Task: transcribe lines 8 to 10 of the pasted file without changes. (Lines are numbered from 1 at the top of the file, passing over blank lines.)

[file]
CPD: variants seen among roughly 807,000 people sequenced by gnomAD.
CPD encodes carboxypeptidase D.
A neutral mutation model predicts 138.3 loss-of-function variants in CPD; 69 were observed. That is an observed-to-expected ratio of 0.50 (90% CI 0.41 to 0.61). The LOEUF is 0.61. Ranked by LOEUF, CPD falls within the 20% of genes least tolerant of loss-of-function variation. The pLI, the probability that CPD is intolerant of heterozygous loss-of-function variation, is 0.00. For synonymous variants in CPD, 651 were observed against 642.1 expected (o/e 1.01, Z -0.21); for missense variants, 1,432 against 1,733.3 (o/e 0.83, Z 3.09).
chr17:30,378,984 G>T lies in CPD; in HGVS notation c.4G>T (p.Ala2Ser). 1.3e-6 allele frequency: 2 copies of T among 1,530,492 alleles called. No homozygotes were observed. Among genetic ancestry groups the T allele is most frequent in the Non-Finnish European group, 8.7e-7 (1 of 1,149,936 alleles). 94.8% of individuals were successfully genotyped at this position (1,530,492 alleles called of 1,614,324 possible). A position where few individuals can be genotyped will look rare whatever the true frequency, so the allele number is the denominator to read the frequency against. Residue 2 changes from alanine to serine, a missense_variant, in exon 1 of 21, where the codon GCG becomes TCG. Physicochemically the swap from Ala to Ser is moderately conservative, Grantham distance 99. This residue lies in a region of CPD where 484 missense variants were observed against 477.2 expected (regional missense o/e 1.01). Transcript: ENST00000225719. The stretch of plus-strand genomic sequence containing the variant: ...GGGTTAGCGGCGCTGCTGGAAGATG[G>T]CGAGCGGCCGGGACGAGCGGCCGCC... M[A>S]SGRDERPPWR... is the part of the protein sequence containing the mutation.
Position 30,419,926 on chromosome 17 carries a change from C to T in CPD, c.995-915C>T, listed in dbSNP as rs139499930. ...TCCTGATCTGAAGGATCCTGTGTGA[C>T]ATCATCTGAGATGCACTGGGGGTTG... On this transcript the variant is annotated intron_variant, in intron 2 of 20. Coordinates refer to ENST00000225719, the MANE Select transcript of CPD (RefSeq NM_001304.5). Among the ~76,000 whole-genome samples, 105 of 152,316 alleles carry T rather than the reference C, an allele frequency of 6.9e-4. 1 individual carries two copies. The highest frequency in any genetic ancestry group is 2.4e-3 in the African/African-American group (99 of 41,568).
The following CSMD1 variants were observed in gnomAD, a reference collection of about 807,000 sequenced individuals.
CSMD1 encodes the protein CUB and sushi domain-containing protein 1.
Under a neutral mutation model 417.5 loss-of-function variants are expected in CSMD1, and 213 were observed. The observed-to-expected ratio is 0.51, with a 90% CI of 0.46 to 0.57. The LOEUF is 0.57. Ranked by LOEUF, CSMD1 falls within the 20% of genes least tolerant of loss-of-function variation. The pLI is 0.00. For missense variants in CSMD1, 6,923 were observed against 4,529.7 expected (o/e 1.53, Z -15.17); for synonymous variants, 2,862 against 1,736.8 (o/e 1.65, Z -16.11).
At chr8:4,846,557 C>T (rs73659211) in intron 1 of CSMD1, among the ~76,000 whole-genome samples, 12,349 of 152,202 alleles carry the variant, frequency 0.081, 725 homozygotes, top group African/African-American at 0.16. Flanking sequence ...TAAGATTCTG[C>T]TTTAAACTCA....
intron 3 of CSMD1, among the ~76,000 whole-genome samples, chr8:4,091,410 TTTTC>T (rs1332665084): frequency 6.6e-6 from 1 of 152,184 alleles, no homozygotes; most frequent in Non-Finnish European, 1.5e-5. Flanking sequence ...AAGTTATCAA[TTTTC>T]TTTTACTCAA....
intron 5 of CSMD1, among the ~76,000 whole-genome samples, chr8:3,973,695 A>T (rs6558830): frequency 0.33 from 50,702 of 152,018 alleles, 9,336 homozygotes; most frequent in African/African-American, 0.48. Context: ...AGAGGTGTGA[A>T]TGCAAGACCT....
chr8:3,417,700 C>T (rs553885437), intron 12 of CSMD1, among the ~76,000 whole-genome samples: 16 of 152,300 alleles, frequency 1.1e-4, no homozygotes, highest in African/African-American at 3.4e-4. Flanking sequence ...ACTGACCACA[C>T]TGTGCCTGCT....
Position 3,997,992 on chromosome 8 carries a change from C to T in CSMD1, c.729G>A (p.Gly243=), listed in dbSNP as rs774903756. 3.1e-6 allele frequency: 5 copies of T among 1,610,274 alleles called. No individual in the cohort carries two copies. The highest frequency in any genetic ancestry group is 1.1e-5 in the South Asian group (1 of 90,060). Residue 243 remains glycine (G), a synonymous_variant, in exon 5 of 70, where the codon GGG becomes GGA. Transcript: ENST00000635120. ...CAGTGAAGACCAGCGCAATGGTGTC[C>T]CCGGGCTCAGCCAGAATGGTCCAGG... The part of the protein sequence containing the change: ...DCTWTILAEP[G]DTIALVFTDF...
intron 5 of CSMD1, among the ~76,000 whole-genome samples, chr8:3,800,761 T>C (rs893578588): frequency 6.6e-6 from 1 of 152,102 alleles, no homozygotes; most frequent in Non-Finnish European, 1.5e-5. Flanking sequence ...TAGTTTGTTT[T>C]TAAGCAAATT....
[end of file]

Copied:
Under a neutral mutation model 417.5 loss-of-function variants are expected in CSMD1, and 213 were observed. The observed-to-expected ratio is 0.51, with a 90% CI of 0.46 to 0.57. The LOEUF is 0.57. Ranked by LOEUF, CSMD1 falls within the 20% of genes least tolerant of loss-of-function variation. The pLI is 0.00. For missense variants in CSMD1, 6,923 were observed against 4,529.7 expected (o/e 1.53, Z -15.17); for synonymous variants, 2,862 against 1,736.8 (o/e 1.65, Z -16.11).
At chr8:4,846,557 C>T (rs73659211) in intron 1 of CSMD1, among the ~76,000 whole-genome samples, 12,349 of 152,202 alleles carry the variant, frequency 0.081, 725 homozygotes, top group African/African-American at 0.16. Flanking sequence ...TAAGATTCTG[C>T]TTTAAACTCA....
intron 3 of CSMD1, among the ~76,000 whole-genome samples, chr8:4,091,410 TTTTC>T (rs1332665084): frequency 6.6e-6 from 1 of 152,184 alleles, no homozygotes; most frequent in Non-Finnish European, 1.5e-5. Flanking sequence ...AAGTTATCAA[TTTTC>T]TTTTACTCAA....